Can one lead a meaningful life, be a loving parent and a responsible citizen without being religious? Many disciples of the Christian Coalition admonish us that anyone who does not believe in the Bible is immoral. Yet tens of millions of Americans areunchurched, and millions are secular humanists, agnostics – even atheists – and they behave responsibly. Indeed, many heroes and heroines of American history have rejected biblical morality and led ethical lives, such as Tom Paine, Robert Ingersoll, Mark Twain, Clarence Darrow, Elizabeth Cady Stanton, Margaret Sanger, and Isaac Asimov. Humanistics ethics has deep roots in Western civilization, from classical Greece and Rome, through the Renaissance to the development of modern democratic societies.
The history of philosophy demonstrates the efforts of great thinkers – from Aristotle to Immanuel Kant, John Stuart Mill, John Dewey, and Sidney Hook – to develop a rational basis for ethical conduct. Ethics, they said, can be autonomous and needs no theological justification. These philosophers have emphasized the need for self-restraint and temperance in a person’s desires. Plato argued that the chariot of the soul is led by three horses – passion, ambition, and reason – and he thought that the rational person under the control of wisdom could lead a noble life of balance and moderation. The goal is to realize our creative potentialities to the fullest, and this includes our capacity for moral behavior. A good life is achievable by men and women without the need for divinity. It is simply untrue that if one does not believe in God, “anything goes.”
So many infamous deeds have been perpetrated in the name of God – the Crusades, the Inquisition, religious-inspired terrorism in Palestine, the carnage going on among three religious ethnicities in the former Yugoslavia – that it is difficult to blithely maintain that belief in God guarantees morality. It is thus the height of intolerance to insist that only those who accept religious dogma are moral, and that those who do not are wicked.
The truth is that, from the fatherhood of God, religionists have derived contradictory moral commandments. Muslims, for example, maintain that polygamy is divinely inspired; Catholics believe in monogamy and reject divorce; most Protestants and Jews accept divorce under certain conditions. God’s name has been invoked for and against slavery, capital punishment – even war. The German and French armies sang praises to the same God as they marched off to slaughter each other in the world wars.
Perhaps one should ask, can a person be truly ethical if he or she has not developed a caring moral conscience? It need not be based upon the fear or love of God, nor on obedience to his commandments, but rather on an internalized sense of right and wrong. We live in a multicultural world with various religious and secular traditions. Chinese, Japanese, and Indian cultures do not accept Western monotheism, yet persons in those societies can be as virtuous, kind, and charitable as Westerners. Every civilized community, whether religious or secular, recognizes virtually all of what I call the “common moral decencies”: We ought to tell the truth, keep promises, be honest, kind, dependable, and compassionate; we ought to be just and tolerant and, whenever possible, negotiate our differences peacefully.
In my book Forbidden Fruit: The Ethics of Humanism (Prometheus Books, 1988), I provide a detailed explanation of these common moral virtues. I compress the argument thusly: One needs no theological grounds to justify these elementary principles. They are rooted in human experience. Living and working together, we test them by their consequences; each can be judged by its consistency with other cherished principles. A morally developed person understands that he ought not to lie – not because God or society opposes lying, but because trust is essential in human relations. No human community could endure if lying were generalized. Genuine moral awareness needs to be nourished in the young; we need to develop character, but also some capacities for ethical reasonings. It is by education that we can develop the best that is within us.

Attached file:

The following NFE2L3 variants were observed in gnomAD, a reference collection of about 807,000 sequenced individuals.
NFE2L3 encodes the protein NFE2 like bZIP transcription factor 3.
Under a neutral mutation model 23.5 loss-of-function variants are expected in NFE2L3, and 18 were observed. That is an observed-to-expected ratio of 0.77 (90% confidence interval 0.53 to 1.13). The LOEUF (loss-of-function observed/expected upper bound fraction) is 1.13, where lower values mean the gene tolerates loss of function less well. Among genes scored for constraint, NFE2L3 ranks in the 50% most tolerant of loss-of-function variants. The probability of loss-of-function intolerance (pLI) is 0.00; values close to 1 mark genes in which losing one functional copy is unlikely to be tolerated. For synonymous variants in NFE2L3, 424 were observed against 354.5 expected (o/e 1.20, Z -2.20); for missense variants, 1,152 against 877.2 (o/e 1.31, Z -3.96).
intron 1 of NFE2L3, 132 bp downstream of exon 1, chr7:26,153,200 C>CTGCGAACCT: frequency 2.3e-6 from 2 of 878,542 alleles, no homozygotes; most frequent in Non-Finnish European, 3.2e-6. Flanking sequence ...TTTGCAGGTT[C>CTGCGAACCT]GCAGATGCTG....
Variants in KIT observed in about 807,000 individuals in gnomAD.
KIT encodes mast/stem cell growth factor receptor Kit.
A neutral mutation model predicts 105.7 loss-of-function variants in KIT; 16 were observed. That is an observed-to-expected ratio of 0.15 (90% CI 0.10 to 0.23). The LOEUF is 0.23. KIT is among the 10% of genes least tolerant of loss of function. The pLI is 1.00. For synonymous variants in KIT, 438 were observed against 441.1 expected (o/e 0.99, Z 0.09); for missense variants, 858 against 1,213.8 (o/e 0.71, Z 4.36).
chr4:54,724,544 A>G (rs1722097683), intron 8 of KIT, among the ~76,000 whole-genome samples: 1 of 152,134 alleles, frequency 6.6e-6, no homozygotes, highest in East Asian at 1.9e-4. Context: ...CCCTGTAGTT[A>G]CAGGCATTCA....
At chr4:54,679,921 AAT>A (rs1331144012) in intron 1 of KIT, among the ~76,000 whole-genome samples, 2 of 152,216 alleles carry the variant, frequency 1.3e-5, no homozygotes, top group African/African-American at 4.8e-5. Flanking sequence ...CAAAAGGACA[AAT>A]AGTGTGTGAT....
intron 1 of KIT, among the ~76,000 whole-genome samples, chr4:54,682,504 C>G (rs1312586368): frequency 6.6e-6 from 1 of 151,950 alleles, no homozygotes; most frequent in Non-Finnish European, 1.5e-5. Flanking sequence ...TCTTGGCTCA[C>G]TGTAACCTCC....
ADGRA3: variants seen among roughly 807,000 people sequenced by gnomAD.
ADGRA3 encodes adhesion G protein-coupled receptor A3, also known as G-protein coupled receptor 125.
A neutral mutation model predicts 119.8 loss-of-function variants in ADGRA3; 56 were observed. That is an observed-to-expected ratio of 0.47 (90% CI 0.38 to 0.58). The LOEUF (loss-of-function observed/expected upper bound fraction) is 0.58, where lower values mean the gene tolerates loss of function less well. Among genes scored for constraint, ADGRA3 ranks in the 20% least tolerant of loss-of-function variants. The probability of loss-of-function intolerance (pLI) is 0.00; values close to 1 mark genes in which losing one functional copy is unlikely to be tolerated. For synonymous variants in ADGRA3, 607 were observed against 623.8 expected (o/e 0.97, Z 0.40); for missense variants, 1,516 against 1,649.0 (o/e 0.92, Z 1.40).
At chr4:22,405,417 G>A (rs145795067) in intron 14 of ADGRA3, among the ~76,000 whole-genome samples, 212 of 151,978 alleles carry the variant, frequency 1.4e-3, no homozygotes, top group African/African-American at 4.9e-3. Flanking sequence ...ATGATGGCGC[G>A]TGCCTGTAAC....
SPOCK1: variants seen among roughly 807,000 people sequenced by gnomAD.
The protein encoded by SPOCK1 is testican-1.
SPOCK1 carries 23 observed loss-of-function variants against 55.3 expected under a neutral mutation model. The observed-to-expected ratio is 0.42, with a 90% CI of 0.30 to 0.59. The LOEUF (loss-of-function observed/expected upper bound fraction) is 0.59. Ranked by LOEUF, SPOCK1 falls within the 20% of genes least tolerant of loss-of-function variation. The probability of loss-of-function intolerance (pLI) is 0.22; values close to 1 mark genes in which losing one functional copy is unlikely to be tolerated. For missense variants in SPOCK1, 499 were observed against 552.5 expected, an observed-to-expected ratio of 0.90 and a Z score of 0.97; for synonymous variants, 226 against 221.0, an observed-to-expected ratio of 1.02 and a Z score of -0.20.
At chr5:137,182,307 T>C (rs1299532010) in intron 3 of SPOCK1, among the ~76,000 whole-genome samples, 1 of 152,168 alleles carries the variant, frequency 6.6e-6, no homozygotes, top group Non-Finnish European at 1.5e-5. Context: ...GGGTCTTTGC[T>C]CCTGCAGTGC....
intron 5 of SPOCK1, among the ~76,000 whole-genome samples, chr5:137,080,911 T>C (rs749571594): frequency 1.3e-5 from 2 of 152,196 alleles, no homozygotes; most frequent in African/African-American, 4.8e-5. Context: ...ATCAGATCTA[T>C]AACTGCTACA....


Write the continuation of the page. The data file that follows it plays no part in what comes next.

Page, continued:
Clearly, there are moral disagreements; and there are new moral principles that have emerged historically. Often the battles for them have been long and arduous, such as the struggle against slavery and for the recognition of women’s rights. The need today is to extend our ethical concern to all members of the world community and to find common ground with men and women of differing faiths and ideologies. Christians, Muslims, and Jews believe in the promise of eternal salvation for those who obey God’s commandments. Humanists prefer to focus on this life here and now, and they strive to develop the arts of intelligence to solve human problems. They wish to rely on education, reason, science, and democratic methods of persuasion to.improve the human condition.
What is the goal of humanist ethics? It is to mitigate suffering and to increase the sum of human happiness, both for the individual and the community at large. Although interested in social justice, humanists nevertheless emphasize the virtues of individuality. They wish to provide the opportunities for individuals to lead the good life on their own terms, though with sensitivity to others’ rights. They believe in cultivating the conditions for moral growth. They affirm that life is worthwhile and that it can be a source of bountiful joy. They believe in developing self-reliant persons, who are rational and responsible, who can discover and appreciate truth, beauty, and goodness, and who are able to share these stores of wisdom with others.